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dc.contributor.authorMakkar R-
dc.contributor.authorBehl T-
dc.contributor.authorBungau S-
dc.contributor.authorKumar A-
dc.contributor.authorArora S.-
dc.description.abstractInflammasomes are the molecular pathways that activate upon conditions of infection or stress and trigger the activation and maturation of inflammatory cytokines. Immune reactions in conjugation with inflammatory processes play a pivotal role in developing innumerable diseases. An over reactive immune system fabricates many allergic and hypersensitive reactions in response to autoantibodies activated against modified self-epitopes and similar molecules. Rheumatoid arthritis (RA) is a complex autoimmune inflammatory disorder commencing with inflammation in small joints like hands, knees, and wrist eventually entrapping larger joints such as spine. The formation of autoantibodies called rheumatoid factor (RF) and citrullinated proteins against immunoglobulin G symbolizes autoimmune nature of the disease. The presence of autoantibodies embarks principal diagnostic hallmark of the disease. With the advancement of technology, the therapeutic approach is also advancing. A new era of molecules, namely inflammasomes, are activated upon infection or in response to stress and trigger the activation of various proinflammatory cytokines such interleukins which engage in the defense mechanism of the innate immunity. Robust linking among the activity of dysregulated inflammasomes and the heritable acquired inflammatory diseases and disorders emphasizes the significance of this pathway in altering the immune responses. The current review highlights the functioning of inflammasomes and their possible role in disease dysregulation.en_US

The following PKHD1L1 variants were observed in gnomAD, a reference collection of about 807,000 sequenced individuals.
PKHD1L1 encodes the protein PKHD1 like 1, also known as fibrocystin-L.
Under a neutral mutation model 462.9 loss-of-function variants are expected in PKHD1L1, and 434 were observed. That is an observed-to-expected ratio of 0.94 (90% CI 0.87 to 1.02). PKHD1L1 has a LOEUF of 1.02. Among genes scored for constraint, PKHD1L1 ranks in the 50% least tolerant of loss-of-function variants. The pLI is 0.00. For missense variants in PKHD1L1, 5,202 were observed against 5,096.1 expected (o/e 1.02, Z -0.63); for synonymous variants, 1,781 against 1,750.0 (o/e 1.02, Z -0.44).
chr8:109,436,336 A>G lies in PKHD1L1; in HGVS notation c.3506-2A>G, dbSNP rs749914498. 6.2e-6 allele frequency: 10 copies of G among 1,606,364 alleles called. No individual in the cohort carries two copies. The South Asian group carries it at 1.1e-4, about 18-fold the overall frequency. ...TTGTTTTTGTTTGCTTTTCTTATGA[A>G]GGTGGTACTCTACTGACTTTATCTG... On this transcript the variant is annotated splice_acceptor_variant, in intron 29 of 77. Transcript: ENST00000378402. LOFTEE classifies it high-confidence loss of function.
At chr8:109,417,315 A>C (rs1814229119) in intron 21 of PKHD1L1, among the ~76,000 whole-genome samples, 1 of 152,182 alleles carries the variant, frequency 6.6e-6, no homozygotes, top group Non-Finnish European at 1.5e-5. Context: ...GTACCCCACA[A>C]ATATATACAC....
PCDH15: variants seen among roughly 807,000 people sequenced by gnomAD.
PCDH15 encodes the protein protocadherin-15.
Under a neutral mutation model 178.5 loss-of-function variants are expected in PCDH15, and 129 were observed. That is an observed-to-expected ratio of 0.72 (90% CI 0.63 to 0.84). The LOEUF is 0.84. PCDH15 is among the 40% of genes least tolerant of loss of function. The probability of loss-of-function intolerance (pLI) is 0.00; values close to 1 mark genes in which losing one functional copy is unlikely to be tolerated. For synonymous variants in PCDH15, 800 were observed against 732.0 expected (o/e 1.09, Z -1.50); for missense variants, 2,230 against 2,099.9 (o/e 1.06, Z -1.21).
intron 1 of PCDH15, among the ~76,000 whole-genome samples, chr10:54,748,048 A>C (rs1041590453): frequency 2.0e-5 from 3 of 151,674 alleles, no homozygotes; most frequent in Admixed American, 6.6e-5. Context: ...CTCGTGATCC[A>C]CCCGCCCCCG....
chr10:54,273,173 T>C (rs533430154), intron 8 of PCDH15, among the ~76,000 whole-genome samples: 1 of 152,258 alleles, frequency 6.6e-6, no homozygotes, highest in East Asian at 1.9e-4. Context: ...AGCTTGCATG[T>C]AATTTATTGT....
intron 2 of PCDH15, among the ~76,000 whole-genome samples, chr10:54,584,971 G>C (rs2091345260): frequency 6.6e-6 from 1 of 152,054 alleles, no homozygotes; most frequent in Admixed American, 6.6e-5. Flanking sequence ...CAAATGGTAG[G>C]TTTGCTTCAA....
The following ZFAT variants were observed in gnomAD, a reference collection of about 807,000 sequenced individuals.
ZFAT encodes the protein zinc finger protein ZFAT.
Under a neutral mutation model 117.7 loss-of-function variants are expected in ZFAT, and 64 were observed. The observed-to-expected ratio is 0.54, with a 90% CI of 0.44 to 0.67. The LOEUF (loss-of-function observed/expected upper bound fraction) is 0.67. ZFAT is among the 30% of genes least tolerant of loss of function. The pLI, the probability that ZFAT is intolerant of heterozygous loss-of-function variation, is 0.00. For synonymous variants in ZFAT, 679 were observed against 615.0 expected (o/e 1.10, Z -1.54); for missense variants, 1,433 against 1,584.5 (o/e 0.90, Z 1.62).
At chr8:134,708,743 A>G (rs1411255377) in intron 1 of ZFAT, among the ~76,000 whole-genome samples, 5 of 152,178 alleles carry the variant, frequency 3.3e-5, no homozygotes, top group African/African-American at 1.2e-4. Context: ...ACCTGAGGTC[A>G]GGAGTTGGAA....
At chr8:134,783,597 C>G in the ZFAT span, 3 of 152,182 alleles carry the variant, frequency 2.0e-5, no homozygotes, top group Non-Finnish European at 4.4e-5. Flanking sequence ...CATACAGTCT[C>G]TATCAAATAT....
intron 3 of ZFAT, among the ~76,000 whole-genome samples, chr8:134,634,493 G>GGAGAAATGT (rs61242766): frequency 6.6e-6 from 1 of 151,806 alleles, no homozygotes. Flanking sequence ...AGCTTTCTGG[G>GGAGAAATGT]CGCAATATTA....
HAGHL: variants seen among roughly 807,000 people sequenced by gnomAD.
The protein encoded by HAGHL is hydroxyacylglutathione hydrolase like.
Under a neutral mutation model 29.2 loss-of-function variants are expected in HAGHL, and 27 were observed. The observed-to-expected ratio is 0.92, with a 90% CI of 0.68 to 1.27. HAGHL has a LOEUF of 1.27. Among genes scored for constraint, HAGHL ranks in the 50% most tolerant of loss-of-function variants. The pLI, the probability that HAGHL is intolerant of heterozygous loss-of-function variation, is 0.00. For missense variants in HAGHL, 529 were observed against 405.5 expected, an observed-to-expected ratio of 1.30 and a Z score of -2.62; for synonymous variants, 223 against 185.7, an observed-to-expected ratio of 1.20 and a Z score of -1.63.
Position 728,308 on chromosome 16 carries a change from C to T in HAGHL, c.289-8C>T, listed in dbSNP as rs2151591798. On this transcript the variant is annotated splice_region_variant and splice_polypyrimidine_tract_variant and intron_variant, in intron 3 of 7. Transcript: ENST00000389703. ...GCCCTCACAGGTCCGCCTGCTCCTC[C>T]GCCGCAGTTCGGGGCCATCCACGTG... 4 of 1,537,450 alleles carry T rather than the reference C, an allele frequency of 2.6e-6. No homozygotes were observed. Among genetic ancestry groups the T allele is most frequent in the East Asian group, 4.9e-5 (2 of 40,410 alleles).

dc.subjectNLR familyen_US
dc.subjectinnate immunityen_US
dc.subjectpannus formationsen_US
dc.subjectrheumatoid arthritis.en_US
dc.titleUnderstanding the Role of Inflammasomes in Rheumatoid Arthritisen_US
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